Letters of John

I. The First Letter of John is evidently written by the author of the Fourth Gospel. The author does not give his name in the letter or the gospel, but the early church attributed both works to the apostle John. This attribution is supported by internal evidence of both books. The writer of the letter speaks with authority, as an apostle would (1John.1.2; 1John.2.1; 1John.4.6, 1John.4.14). He claims to have firsthand knowledge of the facts that underlie the gospel message (1John.1.1-1John.1.3; 1John.4.14). The tone and teaching of the letter are such as we would expect from the aged apostle, writing to his disciples a last message regarding the truths he had taught throughout his life. When the Gospel and the letter are compared, the conclusion is well-nigh irresistible that the two books are by the same person. There are striking resemblances in style, language, and thought. Among these resemblances are characteristic words used in a peculiar sense (e.g., life, light, darkness, and world), characteristic expressions (e.g., eternal life, a new commandment, and abide in Christ), and identical phrases (e.g., walks in darkness and that your joy may be full). The few divergencies are easily explainable on the basis of differences of purpose and of subject.

We cannot be sure whether the letter was written before or after the Gospel. Tradition says that the Gospel was written late in the life of John, toward the end of the first century. Evidences of a late date for the letter are that Christianity has been so long in existence that its precepts may be spoken of as an “old commandment” (1John.2.7) and signs that the Gnostic movement had begun, though it had not yet grown to its developed form.


Although 1 John does not have the usual characteristics of the ancient Graeco-Roman letters—salutation, final greetings, messages to individuals, etc.—there is no doubt that it is a genuine letter. Most likely it is a pastoral or circular letter addressed to the churches in the province of Asia, where the church was in danger of the errors that are warned against.

The plan of the letter is difficult to follow and has been differently understood. Some fail to recognize any regular plan at all. Thoughts that are repeated again and again throughout 1 John are the necessity of doing righteousness as an evidence of divine sonship, the necessity of love for the brethren by those who claim to love God, and believing that Jesus is the Christ come in the flesh.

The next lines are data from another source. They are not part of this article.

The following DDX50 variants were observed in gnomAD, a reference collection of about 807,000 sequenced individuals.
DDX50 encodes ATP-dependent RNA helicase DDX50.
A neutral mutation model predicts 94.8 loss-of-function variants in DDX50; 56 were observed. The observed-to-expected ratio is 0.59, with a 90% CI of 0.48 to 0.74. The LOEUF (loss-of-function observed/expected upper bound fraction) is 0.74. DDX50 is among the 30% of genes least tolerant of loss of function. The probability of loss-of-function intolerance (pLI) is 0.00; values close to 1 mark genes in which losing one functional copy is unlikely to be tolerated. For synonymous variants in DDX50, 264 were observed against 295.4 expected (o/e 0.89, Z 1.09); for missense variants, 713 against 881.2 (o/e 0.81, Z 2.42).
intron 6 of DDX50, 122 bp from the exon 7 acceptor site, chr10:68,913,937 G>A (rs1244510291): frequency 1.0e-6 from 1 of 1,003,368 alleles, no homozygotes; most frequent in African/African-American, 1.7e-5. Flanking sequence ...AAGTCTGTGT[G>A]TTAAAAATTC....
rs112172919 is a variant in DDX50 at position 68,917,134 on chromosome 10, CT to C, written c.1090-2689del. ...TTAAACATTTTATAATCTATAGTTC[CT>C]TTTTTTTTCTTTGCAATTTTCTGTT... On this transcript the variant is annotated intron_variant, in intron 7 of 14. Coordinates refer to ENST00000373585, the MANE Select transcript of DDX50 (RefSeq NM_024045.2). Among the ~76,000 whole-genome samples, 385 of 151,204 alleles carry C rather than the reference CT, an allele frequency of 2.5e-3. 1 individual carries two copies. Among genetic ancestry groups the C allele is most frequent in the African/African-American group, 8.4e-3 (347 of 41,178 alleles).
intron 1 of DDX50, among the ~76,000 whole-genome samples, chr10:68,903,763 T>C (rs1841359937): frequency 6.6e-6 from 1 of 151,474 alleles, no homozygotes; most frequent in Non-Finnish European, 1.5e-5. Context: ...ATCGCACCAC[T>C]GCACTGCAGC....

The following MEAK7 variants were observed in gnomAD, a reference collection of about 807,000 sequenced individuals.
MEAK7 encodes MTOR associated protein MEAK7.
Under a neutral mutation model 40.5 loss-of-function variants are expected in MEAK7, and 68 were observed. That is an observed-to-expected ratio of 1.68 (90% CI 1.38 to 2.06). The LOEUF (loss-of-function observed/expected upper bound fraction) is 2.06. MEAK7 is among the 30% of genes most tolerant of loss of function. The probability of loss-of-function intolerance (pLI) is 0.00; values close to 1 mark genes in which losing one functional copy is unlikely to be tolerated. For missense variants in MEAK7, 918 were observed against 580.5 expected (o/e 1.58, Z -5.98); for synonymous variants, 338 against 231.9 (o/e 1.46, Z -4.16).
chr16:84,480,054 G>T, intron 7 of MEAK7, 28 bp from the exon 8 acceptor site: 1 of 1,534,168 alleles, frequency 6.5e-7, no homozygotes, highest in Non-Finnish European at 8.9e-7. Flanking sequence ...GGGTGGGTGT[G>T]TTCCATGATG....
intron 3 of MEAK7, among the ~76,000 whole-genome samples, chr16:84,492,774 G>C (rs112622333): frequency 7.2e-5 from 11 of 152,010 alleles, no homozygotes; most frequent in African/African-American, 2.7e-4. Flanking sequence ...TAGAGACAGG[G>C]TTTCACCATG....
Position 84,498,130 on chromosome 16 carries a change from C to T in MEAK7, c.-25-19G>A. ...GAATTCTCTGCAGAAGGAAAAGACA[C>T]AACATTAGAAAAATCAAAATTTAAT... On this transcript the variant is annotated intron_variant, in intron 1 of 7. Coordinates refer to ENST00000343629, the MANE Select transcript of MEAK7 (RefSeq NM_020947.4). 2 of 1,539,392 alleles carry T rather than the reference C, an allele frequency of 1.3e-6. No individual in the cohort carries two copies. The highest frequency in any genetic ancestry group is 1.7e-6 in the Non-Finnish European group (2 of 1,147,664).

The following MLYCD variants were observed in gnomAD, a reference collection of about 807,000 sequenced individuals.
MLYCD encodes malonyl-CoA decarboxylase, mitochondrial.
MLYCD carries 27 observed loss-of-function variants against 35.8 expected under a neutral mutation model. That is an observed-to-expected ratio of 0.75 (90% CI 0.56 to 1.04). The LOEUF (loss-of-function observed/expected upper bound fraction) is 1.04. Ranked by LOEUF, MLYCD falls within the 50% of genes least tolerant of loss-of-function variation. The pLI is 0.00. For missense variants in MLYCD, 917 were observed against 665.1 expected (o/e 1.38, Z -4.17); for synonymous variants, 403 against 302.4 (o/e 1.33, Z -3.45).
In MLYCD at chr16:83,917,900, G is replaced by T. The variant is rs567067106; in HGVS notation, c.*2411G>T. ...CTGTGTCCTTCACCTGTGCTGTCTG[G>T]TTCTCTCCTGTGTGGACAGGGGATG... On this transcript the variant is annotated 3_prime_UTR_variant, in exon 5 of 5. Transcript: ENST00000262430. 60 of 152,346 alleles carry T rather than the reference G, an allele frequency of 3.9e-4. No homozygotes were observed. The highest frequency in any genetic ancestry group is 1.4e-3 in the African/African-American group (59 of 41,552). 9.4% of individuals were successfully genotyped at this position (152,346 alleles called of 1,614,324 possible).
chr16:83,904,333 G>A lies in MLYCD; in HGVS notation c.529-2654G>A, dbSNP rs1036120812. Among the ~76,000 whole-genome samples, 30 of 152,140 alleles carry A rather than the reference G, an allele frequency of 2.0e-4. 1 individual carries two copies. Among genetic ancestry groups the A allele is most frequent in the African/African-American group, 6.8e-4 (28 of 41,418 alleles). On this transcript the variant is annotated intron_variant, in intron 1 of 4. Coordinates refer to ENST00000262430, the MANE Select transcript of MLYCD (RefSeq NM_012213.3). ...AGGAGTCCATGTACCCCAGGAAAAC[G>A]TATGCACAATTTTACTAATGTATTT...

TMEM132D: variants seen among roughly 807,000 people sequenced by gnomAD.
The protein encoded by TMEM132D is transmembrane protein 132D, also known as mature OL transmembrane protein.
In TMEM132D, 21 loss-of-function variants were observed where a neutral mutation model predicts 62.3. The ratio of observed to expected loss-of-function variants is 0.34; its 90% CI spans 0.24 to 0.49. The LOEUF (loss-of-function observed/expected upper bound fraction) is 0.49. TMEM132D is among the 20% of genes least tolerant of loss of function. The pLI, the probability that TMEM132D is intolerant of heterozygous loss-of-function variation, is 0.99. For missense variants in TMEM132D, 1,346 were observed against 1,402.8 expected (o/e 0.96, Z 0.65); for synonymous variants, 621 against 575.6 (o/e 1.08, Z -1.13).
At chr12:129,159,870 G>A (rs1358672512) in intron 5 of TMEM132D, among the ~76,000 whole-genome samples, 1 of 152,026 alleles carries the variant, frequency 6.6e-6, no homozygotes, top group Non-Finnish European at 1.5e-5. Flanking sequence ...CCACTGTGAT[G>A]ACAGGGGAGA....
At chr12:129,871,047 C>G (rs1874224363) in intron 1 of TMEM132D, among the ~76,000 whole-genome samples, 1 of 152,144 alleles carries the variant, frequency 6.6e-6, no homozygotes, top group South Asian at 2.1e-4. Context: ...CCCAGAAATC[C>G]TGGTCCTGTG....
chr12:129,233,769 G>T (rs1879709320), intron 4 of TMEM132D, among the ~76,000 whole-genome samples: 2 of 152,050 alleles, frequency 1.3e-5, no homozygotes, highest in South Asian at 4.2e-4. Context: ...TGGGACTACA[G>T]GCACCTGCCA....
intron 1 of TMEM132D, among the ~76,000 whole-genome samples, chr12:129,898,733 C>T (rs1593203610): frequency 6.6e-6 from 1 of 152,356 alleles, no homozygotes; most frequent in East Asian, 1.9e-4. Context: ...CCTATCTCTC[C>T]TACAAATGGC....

II. The Second Letter of John. Both 2 and 3 John are similar in words, style, ideas, and character to 1 John, and must have been written by the same author, who refers to himself simply as “the elder” (2John.1.1-2John.1.13; 3John.1.1-3John.1.15). Both are very brief, containing just the number of words that could conveniently be written on one sheet of papyrus. Although written to different people and for different purposes, there are striking resemblances of wording in them. The opening address is almost identical, and in both letters the writer expresses joy in the spiritual progress of those to whom he writes, and does so in almost the same words. The conclusion of the letters is the same in both thought and words.

Second John is addressed to “the chosen lady and her children” (2John.1.1-2John.1.13). Many suppose that the reference is to a church and its spiritual children, while others hold that a particular individual named Kyria (Gr. for lady) is meant. The introductory greeting is followed by an exhortation to hold fast to the commandments they had received, especially brotherly love, a warning against false teachers who deny that Christ is come in the flesh, and a prohibition against receiving them. The author concludes with a promise to visit them soon.

III. The Third Letter of John. This is addressed to Gaius, “my dear friend” (3John.1.1-3John.1.15), who is eulogized for walking in the truth and being hospitable to evangelists sent, apparently by John, to the church of which Gaius is a member. The author then censures another member of the church, the talkative, overbearing Diotrephes, who for some unexplained reason, probably jealously, not only refused to receive the itinerant preachers but did all he could to get the whole church to follow his course, even to the length of threatening excommunication for those who took a different view of their duty. The elder adds that he had written a letter to the church also, but apparently he has little hope that it will overcome the headstrong opposition of Diotrephes. He threatens a speedy visit to the church, when he will call Diotrephes to account for his bad conduct. There is in this letter no suggestion of heretical tendency in the church.

Bibliography: F. F. Bruce, The Epistles of John, 1970; J. L. Houlden, The Johannine Epistles (HNTC), 1973; I. H. Marshall, The Epistles of John (NIC), 1978; R. E. Brown, The Epistles of John (AB), 1982; S. S. Smalley, 1, 2, and 3 John (WBC), 1984.——SB